Driving Innovation In New Markets

26 November 2015

The Andrews Labor Government is offering grants of up to $100,000 for research institutes and industry to undertake collaborative research projects to develop new markets for recovered resources.

Funding is provided through Sustainability Victoria’s Research and Development program which supports collaborations between research institutes and industry to encourage innovation in this area.

The grants are supporting industry to find and establish new markets for recovered materials such as glass fines and flexible plastic which is critical in providing positive economic returns for Victoria.

Successful recipients will undertake research and development projects that will lead to an increase in the use of recovered glass fines or flexible plastics in new or existing products, or provide an opportunity for innovative processing approaches.

Sustainability Victoria will publish research findings from the program to inform broader manufacturing industries of the opportunities to incorporate recovered glass fines and flexible plastics into new product developments.

This funding program supports the aims of the recently released Draft Victorian Market Development Strategy for Recovered Resources to stimulate markets for the use of recovered resources, increase job creation, develop quality products for end markets, and increase investment in products made from recovered resources.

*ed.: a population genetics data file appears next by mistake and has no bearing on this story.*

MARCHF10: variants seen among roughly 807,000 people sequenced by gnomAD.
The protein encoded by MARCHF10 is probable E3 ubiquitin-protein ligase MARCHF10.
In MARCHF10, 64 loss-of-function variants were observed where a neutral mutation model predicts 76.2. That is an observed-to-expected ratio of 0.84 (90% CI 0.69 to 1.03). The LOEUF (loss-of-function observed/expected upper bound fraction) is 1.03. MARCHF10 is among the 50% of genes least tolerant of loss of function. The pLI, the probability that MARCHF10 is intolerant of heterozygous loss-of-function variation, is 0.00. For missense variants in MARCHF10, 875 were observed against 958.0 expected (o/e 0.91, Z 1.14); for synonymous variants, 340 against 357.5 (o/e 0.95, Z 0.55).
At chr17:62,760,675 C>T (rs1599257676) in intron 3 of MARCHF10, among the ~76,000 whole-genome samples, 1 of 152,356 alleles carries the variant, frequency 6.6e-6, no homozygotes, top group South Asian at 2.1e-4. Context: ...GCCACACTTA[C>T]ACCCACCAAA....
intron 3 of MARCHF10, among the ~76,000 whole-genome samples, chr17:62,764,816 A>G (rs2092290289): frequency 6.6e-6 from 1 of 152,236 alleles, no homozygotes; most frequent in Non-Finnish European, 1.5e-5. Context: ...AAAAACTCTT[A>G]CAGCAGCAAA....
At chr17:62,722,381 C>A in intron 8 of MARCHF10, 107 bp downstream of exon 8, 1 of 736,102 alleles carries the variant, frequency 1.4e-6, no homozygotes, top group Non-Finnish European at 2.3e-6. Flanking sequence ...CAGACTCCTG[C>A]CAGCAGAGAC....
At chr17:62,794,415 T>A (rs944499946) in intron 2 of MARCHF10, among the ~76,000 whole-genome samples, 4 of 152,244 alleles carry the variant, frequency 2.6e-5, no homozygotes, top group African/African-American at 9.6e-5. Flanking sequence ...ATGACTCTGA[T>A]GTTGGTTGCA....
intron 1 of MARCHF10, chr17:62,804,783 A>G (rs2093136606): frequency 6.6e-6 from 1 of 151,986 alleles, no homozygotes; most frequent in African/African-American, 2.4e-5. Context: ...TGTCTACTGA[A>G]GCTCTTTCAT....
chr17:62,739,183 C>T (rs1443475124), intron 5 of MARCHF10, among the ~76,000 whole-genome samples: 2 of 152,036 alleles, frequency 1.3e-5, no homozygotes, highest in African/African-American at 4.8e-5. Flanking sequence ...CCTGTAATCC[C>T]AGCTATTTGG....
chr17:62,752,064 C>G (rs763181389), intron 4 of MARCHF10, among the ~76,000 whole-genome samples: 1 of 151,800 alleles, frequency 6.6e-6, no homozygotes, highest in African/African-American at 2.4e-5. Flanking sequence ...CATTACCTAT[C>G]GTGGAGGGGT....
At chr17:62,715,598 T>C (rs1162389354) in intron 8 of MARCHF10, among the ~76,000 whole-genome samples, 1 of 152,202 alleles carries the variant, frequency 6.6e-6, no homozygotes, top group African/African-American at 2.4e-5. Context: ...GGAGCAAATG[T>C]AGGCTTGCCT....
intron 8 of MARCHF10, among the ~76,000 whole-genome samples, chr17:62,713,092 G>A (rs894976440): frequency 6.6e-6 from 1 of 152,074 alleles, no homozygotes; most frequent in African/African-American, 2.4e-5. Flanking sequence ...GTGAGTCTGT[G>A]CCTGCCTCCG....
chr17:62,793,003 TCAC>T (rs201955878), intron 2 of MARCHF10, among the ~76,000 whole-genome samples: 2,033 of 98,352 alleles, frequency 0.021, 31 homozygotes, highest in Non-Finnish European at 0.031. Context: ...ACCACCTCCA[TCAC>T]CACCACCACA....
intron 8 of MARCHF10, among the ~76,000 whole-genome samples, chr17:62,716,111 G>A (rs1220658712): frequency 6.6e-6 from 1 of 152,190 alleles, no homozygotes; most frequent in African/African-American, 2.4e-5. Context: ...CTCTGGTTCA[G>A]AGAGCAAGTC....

Applications close on 6 January, 2016. For more information or to download an application form, visit Link

Quotes attributable to Minister for Environment, Climate Change and Water Lisa Neville

“This grants program will focus on ways to maximise the use of glass fines and flexible plastics for end markets, ultimately reducing the amount of these materials going to landfill.”

“These two waste materials were identified from a series of market analysis reports as priority items for market development.”

“The waste and recovery industry provides $2.2 billion to the Victorian economy and we will continue to invest to ensure we see more jobs created.

“Both materials are generally challenging to reprocess and it can be difficult to recycle them into high value products.”

Reviewed 10 February 2021

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